HIV can be transmitted from mother to child during pregnancy, during delivery, or through breast milk. This is the third most common way in which HIV is transmitted globally. In the absence of treatment, the risk of transmission before or during birth is around 20% and in those who also breastfeed 35%. As of 2008, vertical transmission accounted for about 90% of cases of HIV in children. With appropriate treatment the risk of mother-to-child infection can be reduced to about 1%. Preventive treatment involves the mother taking antiretroviral during pregnancy and delivery, an elective caesarean section, avoiding breastfeeding, and administering antiretroviral drugs to the newborn. Antiretroviral when taken by either the mother or the infant decrease the risk of transmission in those who do breastfeed. Many of these measures are however not available in the developing world. If blood contaminates food during pre-chewing it may pose a risk of transmission.

There is currently no cure or effective HIV vaccine. Treatment consists of highly active antiretroviral therapy (HAART) which slows progression of the disease. As of 2010 more than 6.6 million people were taking them in low and middle income countries. Treatment also includes preventive and active treatment of opportunistic infections.
Antiviral Therapy
Current HAART options are combinations (or “cocktails”) consisting of at least three medications belonging to at least two types, or “classes,” of antiretroviral agents. Initially treatment is typically a non-nucleoside reverse transcriptase inhibitor (NNRTI) plus two nucleoside analogue reverse transcriptase inhibitors(NRTIs). Typical NRTIs include: zidovudine (AZT) or tenofovir (TDF) and lamivudine (3TC) or emtricitabine (FTC). Combinations of agents which include aprotease inhibitors (PI) are used if the above regimen loses effectiveness.
When to start antiretroviral therapy is subject to debate. The World Health Organization recommends antiretrovirals in all adolescents, adults and pregnant women with a CD4 count less than 500/µl with this being especially important in those with counts less than 350/µl or those with symptoms regardless of CD4 count. This is supported by the fact that beginning treatment at this level reduces the risk of death. The United States in addition recommends them for all HIV-infected people regardless of CD4 count or symptoms; however it makes this recommendation with less confidence for those with higher counts. While the WHO also recommends treatment in those who are co-infected with tuberculosis and those with chronic active hepatitis B. Once treatment is begun it is recommended that it is continued without breaks. Many people are diagnosed only after treatment ideally should have begun.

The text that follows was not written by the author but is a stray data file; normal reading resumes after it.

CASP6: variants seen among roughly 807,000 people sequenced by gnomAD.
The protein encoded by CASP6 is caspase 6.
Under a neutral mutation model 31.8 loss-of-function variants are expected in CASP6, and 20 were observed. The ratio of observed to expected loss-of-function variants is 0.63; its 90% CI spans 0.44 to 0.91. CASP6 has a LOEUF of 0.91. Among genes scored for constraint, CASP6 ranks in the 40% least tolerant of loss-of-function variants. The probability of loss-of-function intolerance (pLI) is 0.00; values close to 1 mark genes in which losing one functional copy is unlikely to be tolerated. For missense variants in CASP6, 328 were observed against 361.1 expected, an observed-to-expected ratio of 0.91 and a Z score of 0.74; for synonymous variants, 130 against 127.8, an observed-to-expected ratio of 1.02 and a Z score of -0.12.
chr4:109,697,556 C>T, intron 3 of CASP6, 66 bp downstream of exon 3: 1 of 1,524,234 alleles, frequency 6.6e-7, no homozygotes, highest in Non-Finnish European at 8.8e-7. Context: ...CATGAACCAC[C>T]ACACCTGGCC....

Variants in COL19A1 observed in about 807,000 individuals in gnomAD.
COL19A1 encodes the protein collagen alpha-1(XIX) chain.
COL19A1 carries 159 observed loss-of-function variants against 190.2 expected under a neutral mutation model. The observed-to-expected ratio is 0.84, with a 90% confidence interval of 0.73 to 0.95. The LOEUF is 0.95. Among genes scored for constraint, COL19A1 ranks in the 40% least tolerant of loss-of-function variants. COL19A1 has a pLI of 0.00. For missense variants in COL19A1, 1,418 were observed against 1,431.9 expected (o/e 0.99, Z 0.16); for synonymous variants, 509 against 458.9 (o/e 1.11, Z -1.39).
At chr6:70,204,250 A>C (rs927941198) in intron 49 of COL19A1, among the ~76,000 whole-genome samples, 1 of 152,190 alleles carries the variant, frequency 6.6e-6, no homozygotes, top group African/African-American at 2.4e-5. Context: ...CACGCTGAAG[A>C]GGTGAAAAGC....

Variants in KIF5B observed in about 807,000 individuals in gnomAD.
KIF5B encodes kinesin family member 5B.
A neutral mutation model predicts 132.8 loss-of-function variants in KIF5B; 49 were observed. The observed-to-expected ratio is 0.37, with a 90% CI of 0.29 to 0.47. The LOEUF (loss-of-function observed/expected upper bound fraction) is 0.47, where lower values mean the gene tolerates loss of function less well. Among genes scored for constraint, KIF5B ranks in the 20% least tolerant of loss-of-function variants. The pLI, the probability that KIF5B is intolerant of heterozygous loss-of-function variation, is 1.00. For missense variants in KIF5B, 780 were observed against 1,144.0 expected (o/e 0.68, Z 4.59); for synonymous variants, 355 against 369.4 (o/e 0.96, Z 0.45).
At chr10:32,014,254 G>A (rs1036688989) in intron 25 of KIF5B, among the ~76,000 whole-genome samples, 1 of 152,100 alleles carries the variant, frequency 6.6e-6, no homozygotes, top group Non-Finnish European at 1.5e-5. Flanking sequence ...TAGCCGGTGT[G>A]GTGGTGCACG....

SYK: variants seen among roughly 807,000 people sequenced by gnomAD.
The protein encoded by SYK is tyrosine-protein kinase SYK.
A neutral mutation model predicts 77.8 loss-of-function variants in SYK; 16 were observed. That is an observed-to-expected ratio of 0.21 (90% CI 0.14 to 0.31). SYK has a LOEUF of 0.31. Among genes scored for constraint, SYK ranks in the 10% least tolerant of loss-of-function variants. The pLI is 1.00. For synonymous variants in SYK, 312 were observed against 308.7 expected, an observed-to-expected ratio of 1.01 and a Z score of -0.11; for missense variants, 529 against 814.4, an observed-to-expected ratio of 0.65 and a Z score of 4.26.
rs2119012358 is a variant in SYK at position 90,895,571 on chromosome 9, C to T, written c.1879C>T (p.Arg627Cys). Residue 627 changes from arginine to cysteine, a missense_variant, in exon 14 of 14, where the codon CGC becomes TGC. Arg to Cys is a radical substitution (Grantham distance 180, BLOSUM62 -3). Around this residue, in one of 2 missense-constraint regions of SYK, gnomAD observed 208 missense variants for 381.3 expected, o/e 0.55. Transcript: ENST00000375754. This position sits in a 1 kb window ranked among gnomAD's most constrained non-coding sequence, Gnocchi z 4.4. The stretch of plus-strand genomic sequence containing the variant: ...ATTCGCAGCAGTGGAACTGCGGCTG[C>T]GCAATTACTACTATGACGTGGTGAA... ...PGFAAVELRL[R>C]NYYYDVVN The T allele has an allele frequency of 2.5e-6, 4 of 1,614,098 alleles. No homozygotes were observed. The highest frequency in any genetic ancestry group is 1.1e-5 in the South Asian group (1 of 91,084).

-Alternative medicine
In the US, approximately 60% of people with HIV use various forms of complementary or alternative medicine, even though the effectiveness of most of these therapies has not been established. With respect to dietary advice and AIDS some evidence has shown a benefit from micronutrient supplements. Evidence for supplementation with selenium is mixed with some tentative evidence of benefit. There is some evidence that vitamin A supplementation in children reduces mortality and improves growth. In Africa in nutritionally compromised pregnant and lactating women a multivitamin supplementation has improved outcomes for both mothers and children. Dietary intake of micronutrients at RDA levels by HIV-infected adults is recommended by the World Health Organization. The WHO further states that several studies indicate that supplementation of vitamin A, zinc, and iron can produce adverse effects in HIV positive adults. There is not enough evidence to support the use of herbal medicines. There is insufficient evidence to recommend or support the use of medical cannabis to try to increase appetite or weight gain.

It’s a type of disease which has basically no prevention. But in order to keep it in control we need to keep certain things in mind that is :
• Use contraceptives like condoms avoid sexual contact with unknown people.
• Avoid sex with multiple partners
• Use disposable syringes and needles
• Blood should be tested for HIV virus before transfusion

Written by:-
•Esha Rao, •Kanika Bhargava, •Mansi Vaishnav, •Raksha Chhabra, •Sakina Nath, •Waheeda K.R